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Teaching Foreign Languages Workshops Home
    1: Meaningful Interpretation

Before You Watch

Introduction
Before You Watch
Analyze the Video
Examine the Topic
Put it Into Practice
Action Research Project
Reflect on Your Learning

Resources
Library Video Chart
Printouts
Assignments
To begin this workshop session, you will tap your prior knowledge and experience and then read current research on interpretive communication.

Reflection

Reflect on Your Experience

Consider the types of interpretive tasks that you have done with your students, then answer the following questions. You may want to save your answers in order to reflect on them again at the end of the session. You can use the Reflect on Your Experience (PDF, 55 K) form for Question 1.
  1. Select two or three authentic written, oral, or visual texts that you have used with your students. For each text, answer the following questions:
  • Why did you choose this text?
  • What strategies did you use to help students interpret this text?
  • Describe any challenges that you encountered.
  1. What is the difference between comprehending a text and interpreting a text? If possible, use concrete examples from Question 1 above.
Assignment

Examine the Research

Read each of the articles listed below, then answer the following questions.

Articles

"Practical Implications of Recent Research in Reading"
Part 1 (PDF, 530 K) | Part 2 (PDF, 509 K)
This article discusses the reading process and suggests reading strategies for foreign language classrooms.

Phillips, June K. "Practical Implications of Recent Research in Reading." Foreign Language Annals 17, no. 4 (1984): 285-296.

"The Gordian Knot: Language, Literature, and Critical Thinking"
Part 1 (PDF, 692 K) | Part 2 (PDF, 722 K) | Part 3 (PDF, 601 K)
This article discusses the changing role of literature in the language classroom.

Schultz, Jean Marie. "The Gordian Knot: Language, Literature, and Critical Thinking." In SLA and the Literature Classroom: Fostering Dialogues, edited by Virginia M. Scott and Holly Tucker, 3-31. Boston: Heinle & Heinle, 2001.

Reading Questions
  1. Both articles advocate previewing or introductory activities when using authentic texts. What is the purpose of this stage? What are some of the rationales for this instructional approach?
  1. The articles address questioning and discussion techniques as students and teachers engage in close or intensive reading. How would this type of questioning differ from the questioning often associated with comprehension checks?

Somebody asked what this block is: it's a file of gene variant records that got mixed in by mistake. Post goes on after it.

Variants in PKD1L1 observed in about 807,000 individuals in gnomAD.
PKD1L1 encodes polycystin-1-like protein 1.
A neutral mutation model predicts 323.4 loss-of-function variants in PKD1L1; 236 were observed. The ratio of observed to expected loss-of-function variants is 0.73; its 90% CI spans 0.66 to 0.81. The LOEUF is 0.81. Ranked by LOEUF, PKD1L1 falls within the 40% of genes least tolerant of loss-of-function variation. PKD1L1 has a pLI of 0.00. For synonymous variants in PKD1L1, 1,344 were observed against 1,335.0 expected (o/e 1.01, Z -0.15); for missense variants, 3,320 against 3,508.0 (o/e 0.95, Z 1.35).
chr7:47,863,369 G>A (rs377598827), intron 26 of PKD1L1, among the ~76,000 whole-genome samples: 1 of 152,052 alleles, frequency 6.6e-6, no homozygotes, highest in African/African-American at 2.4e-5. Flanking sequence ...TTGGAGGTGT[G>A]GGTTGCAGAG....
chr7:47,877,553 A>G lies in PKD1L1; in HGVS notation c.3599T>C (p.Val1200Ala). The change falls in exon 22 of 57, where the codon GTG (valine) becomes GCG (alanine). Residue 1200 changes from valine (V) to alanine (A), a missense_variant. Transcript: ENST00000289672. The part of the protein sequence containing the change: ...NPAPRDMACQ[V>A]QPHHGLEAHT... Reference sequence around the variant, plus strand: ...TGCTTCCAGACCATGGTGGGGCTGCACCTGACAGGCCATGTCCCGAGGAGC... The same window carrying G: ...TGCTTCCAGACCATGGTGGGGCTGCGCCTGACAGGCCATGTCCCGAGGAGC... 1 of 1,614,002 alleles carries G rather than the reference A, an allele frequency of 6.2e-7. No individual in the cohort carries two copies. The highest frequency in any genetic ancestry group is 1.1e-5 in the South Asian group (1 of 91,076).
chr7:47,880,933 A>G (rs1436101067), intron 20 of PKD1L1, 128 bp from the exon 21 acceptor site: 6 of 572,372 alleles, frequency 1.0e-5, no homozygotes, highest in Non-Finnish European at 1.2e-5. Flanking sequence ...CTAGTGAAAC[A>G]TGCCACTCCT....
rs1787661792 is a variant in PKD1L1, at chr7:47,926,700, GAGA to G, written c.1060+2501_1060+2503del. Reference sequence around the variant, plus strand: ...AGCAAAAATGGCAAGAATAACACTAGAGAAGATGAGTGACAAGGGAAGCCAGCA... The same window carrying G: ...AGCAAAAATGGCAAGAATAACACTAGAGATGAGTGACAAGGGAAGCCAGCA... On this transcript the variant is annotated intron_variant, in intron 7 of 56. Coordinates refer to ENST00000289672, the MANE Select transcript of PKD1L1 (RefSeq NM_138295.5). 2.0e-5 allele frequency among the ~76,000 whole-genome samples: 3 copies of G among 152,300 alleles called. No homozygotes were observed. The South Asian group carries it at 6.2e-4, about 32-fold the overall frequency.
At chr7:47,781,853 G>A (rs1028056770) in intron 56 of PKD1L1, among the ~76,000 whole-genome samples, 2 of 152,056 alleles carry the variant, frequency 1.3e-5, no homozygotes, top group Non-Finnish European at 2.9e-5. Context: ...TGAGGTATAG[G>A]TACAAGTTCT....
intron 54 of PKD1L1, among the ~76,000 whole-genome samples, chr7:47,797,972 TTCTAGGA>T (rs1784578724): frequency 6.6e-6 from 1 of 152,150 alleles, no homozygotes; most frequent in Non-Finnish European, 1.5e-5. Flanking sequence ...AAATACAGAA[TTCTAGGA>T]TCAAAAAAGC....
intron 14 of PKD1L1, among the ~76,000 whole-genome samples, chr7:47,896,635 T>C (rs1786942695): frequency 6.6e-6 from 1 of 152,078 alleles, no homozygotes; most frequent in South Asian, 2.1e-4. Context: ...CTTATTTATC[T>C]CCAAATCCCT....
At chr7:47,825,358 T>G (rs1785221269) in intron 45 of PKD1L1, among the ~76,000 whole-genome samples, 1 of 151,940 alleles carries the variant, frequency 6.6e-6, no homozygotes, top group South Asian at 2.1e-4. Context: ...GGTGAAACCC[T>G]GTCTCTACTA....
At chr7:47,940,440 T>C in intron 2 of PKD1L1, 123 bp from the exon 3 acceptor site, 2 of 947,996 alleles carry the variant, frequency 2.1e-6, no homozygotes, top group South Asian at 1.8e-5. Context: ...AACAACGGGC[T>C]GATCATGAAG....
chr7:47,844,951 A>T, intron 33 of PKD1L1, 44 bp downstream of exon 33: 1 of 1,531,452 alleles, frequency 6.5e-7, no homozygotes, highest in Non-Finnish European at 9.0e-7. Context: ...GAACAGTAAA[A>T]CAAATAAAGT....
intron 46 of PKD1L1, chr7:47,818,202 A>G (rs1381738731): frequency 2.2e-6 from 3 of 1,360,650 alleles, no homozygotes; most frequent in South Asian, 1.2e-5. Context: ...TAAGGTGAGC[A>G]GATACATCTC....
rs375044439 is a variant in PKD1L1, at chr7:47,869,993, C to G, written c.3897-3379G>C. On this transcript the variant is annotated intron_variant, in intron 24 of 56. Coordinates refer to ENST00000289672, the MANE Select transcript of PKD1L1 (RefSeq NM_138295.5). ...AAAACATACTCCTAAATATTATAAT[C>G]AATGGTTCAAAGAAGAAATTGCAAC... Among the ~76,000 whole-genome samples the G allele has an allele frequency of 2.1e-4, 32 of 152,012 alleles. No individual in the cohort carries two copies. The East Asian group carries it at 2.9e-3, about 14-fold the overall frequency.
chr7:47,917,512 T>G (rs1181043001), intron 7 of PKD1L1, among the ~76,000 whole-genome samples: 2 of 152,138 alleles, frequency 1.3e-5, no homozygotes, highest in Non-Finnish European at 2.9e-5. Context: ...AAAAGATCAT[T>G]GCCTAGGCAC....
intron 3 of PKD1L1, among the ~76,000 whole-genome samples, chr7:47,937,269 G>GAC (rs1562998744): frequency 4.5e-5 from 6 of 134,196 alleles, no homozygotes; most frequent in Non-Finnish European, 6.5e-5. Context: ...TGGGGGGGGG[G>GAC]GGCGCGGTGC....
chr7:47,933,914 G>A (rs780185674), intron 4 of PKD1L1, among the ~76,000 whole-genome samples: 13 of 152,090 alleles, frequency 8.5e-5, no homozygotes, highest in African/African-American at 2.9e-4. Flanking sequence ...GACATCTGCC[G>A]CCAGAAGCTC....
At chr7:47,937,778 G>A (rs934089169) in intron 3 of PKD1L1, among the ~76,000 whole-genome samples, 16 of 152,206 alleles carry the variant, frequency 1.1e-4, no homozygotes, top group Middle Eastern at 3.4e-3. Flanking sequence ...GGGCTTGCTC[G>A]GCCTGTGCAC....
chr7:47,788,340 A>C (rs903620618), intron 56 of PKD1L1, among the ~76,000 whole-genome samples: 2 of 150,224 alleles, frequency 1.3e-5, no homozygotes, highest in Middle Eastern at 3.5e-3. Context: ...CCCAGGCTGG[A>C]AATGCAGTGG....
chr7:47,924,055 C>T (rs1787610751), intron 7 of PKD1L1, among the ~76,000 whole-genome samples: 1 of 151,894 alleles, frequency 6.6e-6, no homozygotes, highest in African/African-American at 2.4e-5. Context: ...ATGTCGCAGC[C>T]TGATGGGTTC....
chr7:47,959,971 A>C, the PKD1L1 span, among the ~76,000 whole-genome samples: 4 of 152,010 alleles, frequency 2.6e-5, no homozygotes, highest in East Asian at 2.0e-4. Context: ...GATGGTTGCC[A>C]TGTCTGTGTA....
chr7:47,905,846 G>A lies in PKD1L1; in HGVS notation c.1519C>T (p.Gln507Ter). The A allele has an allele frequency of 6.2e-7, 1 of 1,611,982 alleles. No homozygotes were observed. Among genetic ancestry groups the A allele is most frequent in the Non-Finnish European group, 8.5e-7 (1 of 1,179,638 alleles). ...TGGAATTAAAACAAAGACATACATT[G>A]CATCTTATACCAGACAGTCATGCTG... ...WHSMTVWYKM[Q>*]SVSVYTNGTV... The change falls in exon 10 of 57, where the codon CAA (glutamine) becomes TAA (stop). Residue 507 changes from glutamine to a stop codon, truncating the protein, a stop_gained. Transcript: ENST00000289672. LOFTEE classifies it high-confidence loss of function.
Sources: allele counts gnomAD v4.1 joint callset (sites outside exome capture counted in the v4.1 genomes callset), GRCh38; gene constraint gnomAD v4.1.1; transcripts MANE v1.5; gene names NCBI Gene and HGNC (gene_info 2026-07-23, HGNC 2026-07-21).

1. Both articles support a top-down reading process (moving from meaning and big ideas to details and language forms). What are some of the supporting arguments for this approach?
  1. Consider your own experiences as a second-language learner. Do the approaches advocated by the articles reflect what you experienced? If so, what kind of effect do you think these approaches had on your language learning? If not, in what ways did your experiences differ?
  1. The readings highlight the use of written text, particularly literary sources. How could the same ideas about deep interpretation be used with other authentic texts, such as films, audio recordings, and visual art? What additional strategies would you use or adaptations would you make for the listener as opposed to the reader?
  1. Although the examples in "The Gordian Knot: Language, Literature, and Critical Thinking" are intended for college-level work, how might you adapt the same ideas to the age and level of your students? If you teach a language for which students must learn characters or a new alphabet, how might you adapt the same ideas for your students?
AssignmentSubmit your written responses to the Reading Questions.


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1: Meaningful Interpretation > Introduction | Before You Watch | Analyze the Video
Examine the Topic | Put It Into Practice | Action Research Project | Reflect on Your Learning
Resources | Library Videos Chart | Printouts | Assignments

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